Another Congolese Warlord in ICC Custody — and Sloppy Reporting by the ICC
The ICC has a third suspect in custody. Not surprisingly, he’s another Congolese rebel:
Mathieu Ngudjolo Chui, a Congolese national and alleged former leader of the National integrationist Front (FNI) and currently a Colonel in the National Army of the Government of the Democratic Republic of the Congo [Forces armées de la RDC/ Armed Forces of the DRC ] (FARDC), was arrested yesterday by the Congolese authorities and transferred to the International Criminal Court (ICC). He will be arriving today to the Detention Centre of the Court, in The Hague. Mathieu Ngudjolo Chui is alleged to have committed crimes against humanity and war crimes as set out in articles 7 and 8 of the Statute, committed in the territory of the Democratic Republic of the Congo since July 2002.
Ngudjolo is charged with three counts of crimes against humanity, including murder, sexual slavery, and inhumane acts (the dreaded catch-all provision); and six counts of war crimes, including wilful killing, using child soldiers, sexual slavery, attacking civilian populations, and pillaging. Here is the ICC’s summary of the factual allegations underlying the charges:
The Pre-Trial Chamber I found that there were reasonable grounds to believe that Mathieu Ngudjolo Chui, as the highest ranking FNI commander, played an essential role in designing and implementing an indiscriminate attack against the village of Bogoro, in the territory of Ituri, on or around 24 February 2003.
The Chamber also found that there were reasonable grounds to believe that during and after the attack on the village of Bogoro against civilians, primarily of Hema ethnicity, with the active participation of children under the age of fifteen years, several criminal acts were committed: the murder of about 200 civilians; causing serious bodily harm to civilians; arresting, threatening with weapons and imprisoning civilians in a room filled with corpses; pillaging; sexual enslavement of several women and girls.
The Chamber further found that there were reasonable grounds to believe that a common plan to carry out an attack on Bogoro was agreed upon by Ngudjolo Chui and other senior FNI and FRPI (Force de résistance patriotique en Ituri/ Patriotic Resistance Force in Ituri) military commanders, and that the criminal acts committed during and after the attack were part of the common plan or, were, at the very least, a probable and accepted consequence of the implementation of the said common plan.
Again, according to the Chamber, there were reasonable grounds to believe that the attack on the village of Bogoro took place in the context of an armed conflict in the territory of Ituri, and that the attack was jointly launched by the FNI and the FRPI as part of a systematic or widespread attack directed against the civilian population of certain parts of the territory of Ituri, primarily of Hema ethnicity, between January and at least March 2003.
Ngudjolo’s arrest continues the Prosecutor’s single-minded focus on Congolese rebels — all three of the suspects currently in custody (the others are Germain Katanga and Thomas Lubanga Dyilo) were rebel warlords. As I have noted before, that focus is difficult to understand, given that government forces are no less responsible for the atrocities committed in the DRC. Indeed, I can’t help but wonder whether unease with the free pass the Prosecutor has given the Congolese government to date explains why the ICC Press Release describes Ngudjolo as “currently a Colonel in the National Army of the Government of the Democratic Republic of the Congo,” making it seem like the Prosecutor is finally going after a government soldier. That description, unfortunately, is misleading at best. Ngudjolo was not a colonel in the National Army when he allegedly committed the atrocities, nor was he a colonel when he was arrested. Instead, he was training to become a colonel in the National Army as part of a peace deal with the Congolese government:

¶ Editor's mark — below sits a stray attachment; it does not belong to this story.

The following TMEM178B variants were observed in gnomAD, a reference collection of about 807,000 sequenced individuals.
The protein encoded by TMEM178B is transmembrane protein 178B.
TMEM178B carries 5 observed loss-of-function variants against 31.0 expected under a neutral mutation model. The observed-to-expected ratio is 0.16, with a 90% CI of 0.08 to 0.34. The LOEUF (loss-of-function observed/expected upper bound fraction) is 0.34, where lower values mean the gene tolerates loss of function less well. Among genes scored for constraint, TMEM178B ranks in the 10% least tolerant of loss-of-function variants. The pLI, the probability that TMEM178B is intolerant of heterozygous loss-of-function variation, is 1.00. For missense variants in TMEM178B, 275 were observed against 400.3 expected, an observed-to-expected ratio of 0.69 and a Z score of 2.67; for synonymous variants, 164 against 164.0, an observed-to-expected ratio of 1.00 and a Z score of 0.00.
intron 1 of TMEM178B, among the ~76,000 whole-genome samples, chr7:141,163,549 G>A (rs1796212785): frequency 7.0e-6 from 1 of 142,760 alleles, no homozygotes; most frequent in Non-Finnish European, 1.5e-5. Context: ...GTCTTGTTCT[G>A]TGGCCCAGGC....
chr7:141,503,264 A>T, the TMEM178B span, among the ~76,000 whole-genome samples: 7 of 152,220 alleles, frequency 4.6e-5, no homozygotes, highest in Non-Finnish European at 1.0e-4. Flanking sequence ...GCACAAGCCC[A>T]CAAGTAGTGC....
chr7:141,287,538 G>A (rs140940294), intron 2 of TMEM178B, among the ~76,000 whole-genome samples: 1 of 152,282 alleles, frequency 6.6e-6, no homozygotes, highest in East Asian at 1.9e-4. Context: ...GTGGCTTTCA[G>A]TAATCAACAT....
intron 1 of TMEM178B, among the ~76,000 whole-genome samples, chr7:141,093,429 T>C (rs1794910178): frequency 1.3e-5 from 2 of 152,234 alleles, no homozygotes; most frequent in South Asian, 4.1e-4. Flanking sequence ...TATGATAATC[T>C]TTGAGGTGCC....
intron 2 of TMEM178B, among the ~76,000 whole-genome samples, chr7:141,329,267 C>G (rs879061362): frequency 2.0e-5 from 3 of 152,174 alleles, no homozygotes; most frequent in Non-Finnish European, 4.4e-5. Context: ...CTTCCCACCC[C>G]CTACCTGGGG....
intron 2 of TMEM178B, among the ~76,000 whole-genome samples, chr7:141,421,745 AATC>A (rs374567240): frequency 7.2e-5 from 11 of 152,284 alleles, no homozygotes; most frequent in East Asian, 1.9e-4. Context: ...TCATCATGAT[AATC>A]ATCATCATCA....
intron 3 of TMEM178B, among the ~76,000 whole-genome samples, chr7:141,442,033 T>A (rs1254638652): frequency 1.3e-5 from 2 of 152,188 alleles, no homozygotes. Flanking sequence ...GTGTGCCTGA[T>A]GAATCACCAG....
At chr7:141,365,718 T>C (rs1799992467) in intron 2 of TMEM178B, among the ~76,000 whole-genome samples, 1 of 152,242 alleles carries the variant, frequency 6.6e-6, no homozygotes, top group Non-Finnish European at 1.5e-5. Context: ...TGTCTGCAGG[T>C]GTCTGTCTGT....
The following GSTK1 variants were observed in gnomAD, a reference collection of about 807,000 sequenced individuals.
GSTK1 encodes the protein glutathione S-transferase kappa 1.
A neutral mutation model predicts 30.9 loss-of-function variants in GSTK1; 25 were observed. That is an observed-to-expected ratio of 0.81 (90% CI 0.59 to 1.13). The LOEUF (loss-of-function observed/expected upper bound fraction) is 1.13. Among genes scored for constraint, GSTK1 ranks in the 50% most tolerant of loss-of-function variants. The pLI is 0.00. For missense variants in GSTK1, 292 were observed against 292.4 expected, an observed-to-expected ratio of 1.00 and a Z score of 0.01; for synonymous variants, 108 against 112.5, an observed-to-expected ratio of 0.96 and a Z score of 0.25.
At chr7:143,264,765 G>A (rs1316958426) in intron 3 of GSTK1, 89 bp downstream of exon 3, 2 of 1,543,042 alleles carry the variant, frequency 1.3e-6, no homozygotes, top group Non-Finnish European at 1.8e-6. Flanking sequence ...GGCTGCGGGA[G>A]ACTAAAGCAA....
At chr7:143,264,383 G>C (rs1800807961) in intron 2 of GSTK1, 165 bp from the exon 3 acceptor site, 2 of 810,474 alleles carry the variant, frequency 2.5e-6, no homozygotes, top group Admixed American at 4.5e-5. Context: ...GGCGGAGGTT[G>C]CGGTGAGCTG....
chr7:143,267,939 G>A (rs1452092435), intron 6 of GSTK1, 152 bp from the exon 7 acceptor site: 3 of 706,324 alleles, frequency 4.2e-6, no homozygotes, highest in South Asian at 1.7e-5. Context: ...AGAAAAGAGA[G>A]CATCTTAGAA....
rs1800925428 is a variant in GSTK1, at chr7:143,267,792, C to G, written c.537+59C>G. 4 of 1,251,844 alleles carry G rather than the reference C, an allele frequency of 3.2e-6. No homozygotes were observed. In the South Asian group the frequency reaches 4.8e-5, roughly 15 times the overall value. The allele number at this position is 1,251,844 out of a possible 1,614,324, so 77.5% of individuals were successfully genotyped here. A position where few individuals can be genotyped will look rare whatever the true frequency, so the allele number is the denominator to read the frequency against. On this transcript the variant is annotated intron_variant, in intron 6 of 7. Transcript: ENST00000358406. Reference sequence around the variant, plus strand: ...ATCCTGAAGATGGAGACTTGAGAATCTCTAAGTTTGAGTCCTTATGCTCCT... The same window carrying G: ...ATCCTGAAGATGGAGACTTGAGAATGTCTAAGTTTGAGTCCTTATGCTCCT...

Just days ago it was a different story for Ngudjolo, a former nurse from Bunia whom ICC prosecutors accuse of six counts of war crimes and three of crimes against humanity in connection with an attack on a village in Ituri. He and two other top rebel leaders from Ituri were in the capital to undergo military training after agreeing to demobilise as paramilitaries and accept jobs as colonels in the regular army.
All three have been accused of war crimes, and the idea that they should simply be incorporated into the DRC military with apparent impunity was controversial both in the country and abroad.
Human rights activists applauded Ngudjolo’s arrest, saying it sent an important signal to those in Congo who consider themselves untouchable.
“We have condemned this cycle of impunity in the DRC whereby warlords – instead of being prosecuted for the crimes they committed against civilians – are being promoted. It has been a common practice in Congo to reward war criminals with positions in the army,” said Geraldine Mattioli from Human Rights Watch.
“It sends the wrong signal to warlords – that committing crimes is a good way to get to the top of the army.”
HRW is certainly correct that Ngujdolo’s arrest may help deter the Congolese government from using army positions as bargaining chips with criminally-minded warlords. And that is a good thing. But unless his arrest somehow disrupts the peace process, it’s difficult to overlook the fact that this was essentially costless PR for the Congolese government: they not only purged a recruit who was causing international controversy, they appeared — thanks to sloppy reporting by the ICC — to be so committed to cooperating with the ICC that they would even turn over one of their own.
Nothing, of course, is further from the truth. And I imagine the ICC knows it.